Funding must be used for programs providing authentic, hands-on interdisciplinary marine/coastal experiences opportunities for middle and high school students during summer 2023 and help students recover from the disruptions caused by COVID-19. Innovative design processes, leadership opportunities, and career exploration/development are strongly encouraged as part of the programming. Funding should provide access to students who have/have had limited access to marine/coastal science experiences due to geographic, financial, demographic, or other barriers. 

To be eligible to apply, programs must be offered to Maine students grades 6-12 at no cost to the student or their family, be provided in nature-based, marine science/ecology settings within the state of Maine, occur outside as much as safely feasible, and include transportation to and from program site(s) at no cost to students and families. 

The Department anticipates making five to ten awards as a result of this RFA process and may include partial grants. The total estimated grant funds available are $1,000,000, with individual grants not exceeding $100,000. The number and size of awards will depend on the number of proposals received, available funds, number of youth served, and opportunities provided. The Department reserves the right to eliminate the lowest scoring application(s) and/or make awards for amounts less than that requested, whichever is in the best interest of the State. 

A copy of the RFA, as well as the Question & Answer Summary and all amendments related to the RFA, can be obtained at: Grant RFPs and RFAs webpage 

Any questions must be submitted by e-mail to the Grant Coordinator identified on the Grant RFPs and RFAs webpage by 01/27/23 at 11:59 p.m. local time.  Submitted Questions must include the subject line: “RFA# 202212207 Questions”.  The Department assumes no liability for assuring accurate/complete/on time e-mail transmission and receipt.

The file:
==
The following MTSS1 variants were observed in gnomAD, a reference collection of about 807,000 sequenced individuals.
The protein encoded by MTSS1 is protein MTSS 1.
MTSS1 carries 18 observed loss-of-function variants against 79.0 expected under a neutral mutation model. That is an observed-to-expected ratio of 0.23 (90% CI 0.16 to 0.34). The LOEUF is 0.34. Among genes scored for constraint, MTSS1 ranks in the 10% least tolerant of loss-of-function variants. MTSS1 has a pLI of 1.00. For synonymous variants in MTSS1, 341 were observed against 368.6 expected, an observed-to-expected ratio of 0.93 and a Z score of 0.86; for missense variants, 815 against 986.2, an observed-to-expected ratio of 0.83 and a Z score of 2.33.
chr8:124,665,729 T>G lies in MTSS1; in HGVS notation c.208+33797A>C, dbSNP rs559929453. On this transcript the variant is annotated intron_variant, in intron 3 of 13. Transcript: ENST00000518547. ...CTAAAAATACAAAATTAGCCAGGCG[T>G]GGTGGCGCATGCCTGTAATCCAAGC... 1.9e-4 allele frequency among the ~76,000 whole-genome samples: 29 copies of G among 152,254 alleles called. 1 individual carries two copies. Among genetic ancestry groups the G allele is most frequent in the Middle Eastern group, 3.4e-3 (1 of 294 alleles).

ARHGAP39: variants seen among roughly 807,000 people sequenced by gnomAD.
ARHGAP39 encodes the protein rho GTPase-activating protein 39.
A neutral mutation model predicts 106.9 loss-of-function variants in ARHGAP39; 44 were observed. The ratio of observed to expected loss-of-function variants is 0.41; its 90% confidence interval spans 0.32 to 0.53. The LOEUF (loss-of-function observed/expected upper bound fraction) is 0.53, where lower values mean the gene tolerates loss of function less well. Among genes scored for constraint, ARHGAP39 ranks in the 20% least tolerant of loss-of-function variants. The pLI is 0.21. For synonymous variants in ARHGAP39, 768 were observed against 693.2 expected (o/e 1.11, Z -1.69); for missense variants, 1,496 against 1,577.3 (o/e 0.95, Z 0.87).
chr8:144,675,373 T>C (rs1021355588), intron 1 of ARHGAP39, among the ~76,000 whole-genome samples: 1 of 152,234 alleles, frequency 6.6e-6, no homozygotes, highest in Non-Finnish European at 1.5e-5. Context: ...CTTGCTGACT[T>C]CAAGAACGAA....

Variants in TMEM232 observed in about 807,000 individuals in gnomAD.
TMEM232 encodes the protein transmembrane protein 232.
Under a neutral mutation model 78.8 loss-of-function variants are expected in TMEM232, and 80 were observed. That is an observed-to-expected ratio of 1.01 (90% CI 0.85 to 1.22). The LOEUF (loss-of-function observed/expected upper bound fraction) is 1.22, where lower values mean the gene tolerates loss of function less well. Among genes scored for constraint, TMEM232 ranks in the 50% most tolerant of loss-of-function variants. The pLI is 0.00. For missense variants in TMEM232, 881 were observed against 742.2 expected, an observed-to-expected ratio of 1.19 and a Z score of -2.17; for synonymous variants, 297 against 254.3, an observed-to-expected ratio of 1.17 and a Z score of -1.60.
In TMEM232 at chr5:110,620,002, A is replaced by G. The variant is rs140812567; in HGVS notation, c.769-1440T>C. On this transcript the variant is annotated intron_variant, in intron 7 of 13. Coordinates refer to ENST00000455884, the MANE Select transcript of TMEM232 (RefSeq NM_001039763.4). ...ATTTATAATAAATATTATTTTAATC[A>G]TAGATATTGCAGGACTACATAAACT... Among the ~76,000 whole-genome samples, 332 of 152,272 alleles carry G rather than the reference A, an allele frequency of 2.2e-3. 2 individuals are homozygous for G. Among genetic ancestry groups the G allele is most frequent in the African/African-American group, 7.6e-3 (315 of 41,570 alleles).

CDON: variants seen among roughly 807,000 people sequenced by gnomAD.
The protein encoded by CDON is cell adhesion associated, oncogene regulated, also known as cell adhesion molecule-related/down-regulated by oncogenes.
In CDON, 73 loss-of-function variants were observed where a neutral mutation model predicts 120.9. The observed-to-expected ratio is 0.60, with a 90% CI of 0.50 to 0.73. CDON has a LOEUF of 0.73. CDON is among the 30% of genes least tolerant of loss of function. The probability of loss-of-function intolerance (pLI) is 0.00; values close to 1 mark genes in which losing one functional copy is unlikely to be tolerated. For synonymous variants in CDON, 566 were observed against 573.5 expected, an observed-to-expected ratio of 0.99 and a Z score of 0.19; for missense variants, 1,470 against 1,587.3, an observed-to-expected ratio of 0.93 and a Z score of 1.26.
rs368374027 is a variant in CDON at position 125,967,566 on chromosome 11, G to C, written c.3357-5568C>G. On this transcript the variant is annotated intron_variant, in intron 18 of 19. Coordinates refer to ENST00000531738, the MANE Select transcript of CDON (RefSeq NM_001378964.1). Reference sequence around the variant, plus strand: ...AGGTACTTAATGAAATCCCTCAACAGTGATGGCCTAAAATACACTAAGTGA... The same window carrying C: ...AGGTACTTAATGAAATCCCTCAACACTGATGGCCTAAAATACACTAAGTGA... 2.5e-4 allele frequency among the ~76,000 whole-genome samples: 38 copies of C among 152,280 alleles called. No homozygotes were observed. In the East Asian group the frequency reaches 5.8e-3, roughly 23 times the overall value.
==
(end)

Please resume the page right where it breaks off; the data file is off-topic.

Applications must be received by 02/17/23, at 11:59 p.m. local time and are to be submitted via email to the State of Maine Division of Procurement Services, Applicants are to insert the following into the subject line of their email submission: “RFA# 202212207 Application Submission – [Applicant’s Name]”.  

State of Maine 

Department of Education 

RFA# 202212207 

Maine Outdoor Learning Initiative 2023: Coastal Science & Marine Trades 

Resources to Prevent Opioid Overdose in Maine Schools

As directed by the 130th Maine legislature the Department of Education created and collected guidelines and resources for schools who choose to stock emergency medication for a suspected opioid overdose on school grounds.  Naloxone is used in opioid overdoses to counteract life-threatening depression of the central nervous system and respiratory system, allowing an overdose victim to breathe normally. Naloxone is a nonscheduled (i.e., non-addictive), prescription medication. Naloxone only works if a person has opioids in their system; the medication has no effect if opioids are absent. It can be administered by trained persons, which makes it ideal for treating a person experiencing an apparent opioid overdose during school or a school-sponsored activity or otherwise on school grounds. The Rule for Medication Administration in Schools [05-071, Ch. 40, Section 6 (last revised 5/11/2022)], outlines the requirements if a school administrative unit plans to stock naloxone. However, schools must consider including naloxone as only one strategy in combatting substance use disorder.

The Substance Use Among Young Adults Summary in Maine was recently released by Maine CDC and reported that in 2020, nearly one in three young adult Mainers qualified as having a substance use disorder: ranking Maine 3rd in the nation. Research suggests that the area of the brain responsible for decision-making does not fully mature until 25 years of age, making this population more vulnerable to risky and harmful behaviors. Now more than ever we must focus on upstream primary prevention efforts before negative health outcomes occur. Prevention programs within schools can be part of comprehensive health education and social-emotional learning.

Health education can assist students to be better consumers of information, manage the complex world around them and be more inclusive of others. Through an effective skills-based health education curriculum, students will practice skills that protect, promote, and enhance lifelong health. Similarly improving foundational social emotional skills such as self-awareness, self- regulation, social awareness (empathy, compassion & respect for self and others), relationships and critical thinking skill development can be applied to address risk factors for substance abuse. These educational programs can complement a Substance Use Policy within a school administrative unit along with distributing naloxone and educating people about how to prevent, recognize and intervene in overdoses to prevent deaths.


Other Resources:

Contact the Office of School and Student Supports at with questions.